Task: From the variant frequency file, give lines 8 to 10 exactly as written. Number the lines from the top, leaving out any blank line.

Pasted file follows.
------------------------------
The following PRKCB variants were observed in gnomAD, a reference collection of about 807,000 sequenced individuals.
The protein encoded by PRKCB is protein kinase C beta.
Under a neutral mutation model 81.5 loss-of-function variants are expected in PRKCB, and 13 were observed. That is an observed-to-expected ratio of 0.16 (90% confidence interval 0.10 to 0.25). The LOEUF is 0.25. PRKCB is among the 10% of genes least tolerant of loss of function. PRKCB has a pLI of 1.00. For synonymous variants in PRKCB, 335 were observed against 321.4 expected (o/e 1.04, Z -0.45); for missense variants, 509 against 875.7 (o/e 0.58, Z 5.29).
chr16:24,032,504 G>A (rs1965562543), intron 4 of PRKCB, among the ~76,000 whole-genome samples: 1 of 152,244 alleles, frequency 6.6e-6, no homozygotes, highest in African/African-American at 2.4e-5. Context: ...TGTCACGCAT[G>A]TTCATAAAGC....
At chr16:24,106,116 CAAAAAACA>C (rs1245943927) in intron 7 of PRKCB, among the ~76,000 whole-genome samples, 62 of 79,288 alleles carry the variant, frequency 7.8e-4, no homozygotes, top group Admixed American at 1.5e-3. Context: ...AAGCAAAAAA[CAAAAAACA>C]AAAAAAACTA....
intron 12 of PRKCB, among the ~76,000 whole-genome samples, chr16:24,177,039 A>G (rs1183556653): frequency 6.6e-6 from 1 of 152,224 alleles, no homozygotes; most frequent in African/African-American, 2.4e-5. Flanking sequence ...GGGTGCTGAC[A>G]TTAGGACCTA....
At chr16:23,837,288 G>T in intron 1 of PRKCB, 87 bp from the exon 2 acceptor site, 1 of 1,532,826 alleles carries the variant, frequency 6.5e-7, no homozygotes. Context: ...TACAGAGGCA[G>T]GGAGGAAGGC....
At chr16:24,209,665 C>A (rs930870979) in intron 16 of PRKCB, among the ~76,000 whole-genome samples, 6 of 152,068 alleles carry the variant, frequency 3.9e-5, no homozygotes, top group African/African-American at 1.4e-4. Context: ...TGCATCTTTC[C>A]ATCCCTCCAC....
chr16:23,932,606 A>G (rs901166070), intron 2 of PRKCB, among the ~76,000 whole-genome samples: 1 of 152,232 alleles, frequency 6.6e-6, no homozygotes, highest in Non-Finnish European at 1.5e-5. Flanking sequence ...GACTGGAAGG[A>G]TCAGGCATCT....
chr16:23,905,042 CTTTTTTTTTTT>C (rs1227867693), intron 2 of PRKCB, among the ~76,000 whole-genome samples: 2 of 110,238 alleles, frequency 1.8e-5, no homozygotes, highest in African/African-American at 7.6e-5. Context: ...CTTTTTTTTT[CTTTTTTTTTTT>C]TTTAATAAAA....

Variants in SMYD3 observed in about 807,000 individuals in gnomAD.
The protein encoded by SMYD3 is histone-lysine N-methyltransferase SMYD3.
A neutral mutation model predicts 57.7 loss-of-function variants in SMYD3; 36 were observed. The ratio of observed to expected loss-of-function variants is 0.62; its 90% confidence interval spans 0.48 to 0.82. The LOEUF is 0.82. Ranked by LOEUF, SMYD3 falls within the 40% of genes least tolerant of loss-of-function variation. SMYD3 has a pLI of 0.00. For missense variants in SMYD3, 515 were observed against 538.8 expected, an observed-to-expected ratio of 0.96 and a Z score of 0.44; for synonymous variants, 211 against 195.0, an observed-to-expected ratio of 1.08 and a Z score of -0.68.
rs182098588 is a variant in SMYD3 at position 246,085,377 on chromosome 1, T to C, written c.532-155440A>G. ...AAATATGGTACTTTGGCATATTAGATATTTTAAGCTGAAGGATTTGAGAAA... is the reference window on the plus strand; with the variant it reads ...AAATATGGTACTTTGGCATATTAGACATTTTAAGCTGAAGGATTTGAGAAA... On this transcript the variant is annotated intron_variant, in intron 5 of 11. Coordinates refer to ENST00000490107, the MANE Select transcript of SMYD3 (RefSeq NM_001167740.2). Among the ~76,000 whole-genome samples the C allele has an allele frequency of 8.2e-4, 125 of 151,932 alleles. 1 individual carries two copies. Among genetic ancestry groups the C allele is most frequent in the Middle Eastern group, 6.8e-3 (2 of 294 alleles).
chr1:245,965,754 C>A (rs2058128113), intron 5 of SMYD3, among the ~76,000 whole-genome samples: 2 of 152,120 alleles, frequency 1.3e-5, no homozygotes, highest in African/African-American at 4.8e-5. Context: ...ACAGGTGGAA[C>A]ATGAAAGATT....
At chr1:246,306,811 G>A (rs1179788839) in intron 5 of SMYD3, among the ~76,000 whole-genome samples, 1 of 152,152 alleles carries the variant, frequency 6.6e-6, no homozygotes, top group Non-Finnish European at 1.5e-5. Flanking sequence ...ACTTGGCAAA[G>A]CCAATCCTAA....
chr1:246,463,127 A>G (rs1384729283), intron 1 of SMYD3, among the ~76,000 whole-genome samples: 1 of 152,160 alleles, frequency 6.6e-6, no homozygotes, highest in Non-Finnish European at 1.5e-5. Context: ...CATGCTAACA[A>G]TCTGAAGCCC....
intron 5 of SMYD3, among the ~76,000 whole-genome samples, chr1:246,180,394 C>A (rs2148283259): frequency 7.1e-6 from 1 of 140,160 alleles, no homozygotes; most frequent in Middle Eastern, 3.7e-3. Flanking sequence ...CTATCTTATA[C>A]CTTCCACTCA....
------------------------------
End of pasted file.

At chr16:24,209,665 C>A (rs930870979) in intron 16 of PRKCB, among the ~76,000 whole-genome samples, 6 of 152,068 alleles carry the variant, frequency 3.9e-5, no homozygotes, top group African/African-American at 1.4e-4. Context: ...TGCATCTTTC[C>A]ATCCCTCCAC....
chr16:23,932,606 A>G (rs901166070), intron 2 of PRKCB, among the ~76,000 whole-genome samples: 1 of 152,232 alleles, frequency 6.6e-6, no homozygotes, highest in Non-Finnish European at 1.5e-5. Flanking sequence ...GACTGGAAGG[A>G]TCAGGCATCT....
chr16:23,905,042 CTTTTTTTTTTT>C (rs1227867693), intron 2 of PRKCB, among the ~76,000 whole-genome samples: 2 of 110,238 alleles, frequency 1.8e-5, no homozygotes, highest in African/African-American at 7.6e-5. Context: ...CTTTTTTTTT[CTTTTTTTTTTT>C]TTTAATAAAA....